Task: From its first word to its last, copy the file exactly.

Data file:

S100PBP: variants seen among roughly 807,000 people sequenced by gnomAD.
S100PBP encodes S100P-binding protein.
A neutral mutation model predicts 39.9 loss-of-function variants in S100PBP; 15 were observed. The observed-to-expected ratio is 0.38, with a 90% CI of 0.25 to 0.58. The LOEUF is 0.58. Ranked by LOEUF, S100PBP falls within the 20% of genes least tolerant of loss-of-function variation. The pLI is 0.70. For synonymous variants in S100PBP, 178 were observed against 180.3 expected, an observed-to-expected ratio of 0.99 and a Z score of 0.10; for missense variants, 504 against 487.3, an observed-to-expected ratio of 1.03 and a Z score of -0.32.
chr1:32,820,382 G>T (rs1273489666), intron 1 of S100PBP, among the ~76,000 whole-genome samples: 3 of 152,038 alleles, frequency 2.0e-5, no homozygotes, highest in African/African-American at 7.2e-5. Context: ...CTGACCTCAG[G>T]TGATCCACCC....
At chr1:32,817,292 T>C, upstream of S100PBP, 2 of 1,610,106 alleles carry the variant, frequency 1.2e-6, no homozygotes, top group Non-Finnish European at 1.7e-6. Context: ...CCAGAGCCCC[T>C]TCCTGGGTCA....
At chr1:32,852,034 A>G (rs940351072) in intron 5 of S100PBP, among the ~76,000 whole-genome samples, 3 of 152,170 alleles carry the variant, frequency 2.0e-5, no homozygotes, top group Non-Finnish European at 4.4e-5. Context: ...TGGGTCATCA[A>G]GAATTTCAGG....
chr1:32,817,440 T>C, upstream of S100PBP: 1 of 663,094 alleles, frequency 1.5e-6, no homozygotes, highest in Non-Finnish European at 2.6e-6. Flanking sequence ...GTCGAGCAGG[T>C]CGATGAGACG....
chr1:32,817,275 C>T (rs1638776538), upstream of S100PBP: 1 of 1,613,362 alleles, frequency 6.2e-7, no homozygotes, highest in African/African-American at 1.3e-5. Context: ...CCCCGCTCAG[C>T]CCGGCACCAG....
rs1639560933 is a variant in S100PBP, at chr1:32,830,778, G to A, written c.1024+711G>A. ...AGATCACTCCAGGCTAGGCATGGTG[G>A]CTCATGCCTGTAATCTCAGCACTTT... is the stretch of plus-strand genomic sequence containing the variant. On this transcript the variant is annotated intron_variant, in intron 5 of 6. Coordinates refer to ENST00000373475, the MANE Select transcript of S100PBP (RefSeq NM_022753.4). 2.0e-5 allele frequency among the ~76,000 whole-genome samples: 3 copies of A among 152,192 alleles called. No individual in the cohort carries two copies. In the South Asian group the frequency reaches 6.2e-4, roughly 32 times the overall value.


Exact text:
S100PBP: variants seen among roughly 807,000 people sequenced by gnomAD.
S100PBP encodes S100P-binding protein.
A neutral mutation model predicts 39.9 loss-of-function variants in S100PBP; 15 were observed. The observed-to-expected ratio is 0.38, with a 90% CI of 0.25 to 0.58. The LOEUF is 0.58. Ranked by LOEUF, S100PBP falls within the 20% of genes least tolerant of loss-of-function variation. The pLI is 0.70. For synonymous variants in S100PBP, 178 were observed against 180.3 expected, an observed-to-expected ratio of 0.99 and a Z score of 0.10; for missense variants, 504 against 487.3, an observed-to-expected ratio of 1.03 and a Z score of -0.32.
chr1:32,820,382 G>T (rs1273489666), intron 1 of S100PBP, among the ~76,000 whole-genome samples: 3 of 152,038 alleles, frequency 2.0e-5, no homozygotes, highest in African/African-American at 7.2e-5. Context: ...CTGACCTCAG[G>T]TGATCCACCC....
At chr1:32,817,292 T>C, upstream of S100PBP, 2 of 1,610,106 alleles carry the variant, frequency 1.2e-6, no homozygotes, top group Non-Finnish European at 1.7e-6. Context: ...CCAGAGCCCC[T>C]TCCTGGGTCA....
At chr1:32,852,034 A>G (rs940351072) in intron 5 of S100PBP, among the ~76,000 whole-genome samples, 3 of 152,170 alleles carry the variant, frequency 2.0e-5, no homozygotes, top group Non-Finnish European at 4.4e-5. Context: ...TGGGTCATCA[A>G]GAATTTCAGG....
chr1:32,817,440 T>C, upstream of S100PBP: 1 of 663,094 alleles, frequency 1.5e-6, no homozygotes, highest in Non-Finnish European at 2.6e-6. Flanking sequence ...GTCGAGCAGG[T>C]CGATGAGACG....
chr1:32,817,275 C>T (rs1638776538), upstream of S100PBP: 1 of 1,613,362 alleles, frequency 6.2e-7, no homozygotes, highest in African/African-American at 1.3e-5. Context: ...CCCCGCTCAG[C>T]CCGGCACCAG....
rs1639560933 is a variant in S100PBP, at chr1:32,830,778, G to A, written c.1024+711G>A. ...AGATCACTCCAGGCTAGGCATGGTG[G>A]CTCATGCCTGTAATCTCAGCACTTT... is the stretch of plus-strand genomic sequence containing the variant. On this transcript the variant is annotated intron_variant, in intron 5 of 6. Coordinates refer to ENST00000373475, the MANE Select transcript of S100PBP (RefSeq NM_022753.4). 2.0e-5 allele frequency among the ~76,000 whole-genome samples: 3 copies of A among 152,192 alleles called. No individual in the cohort carries two copies. In the South Asian group the frequency reaches 6.2e-4, roughly 32 times the overall value.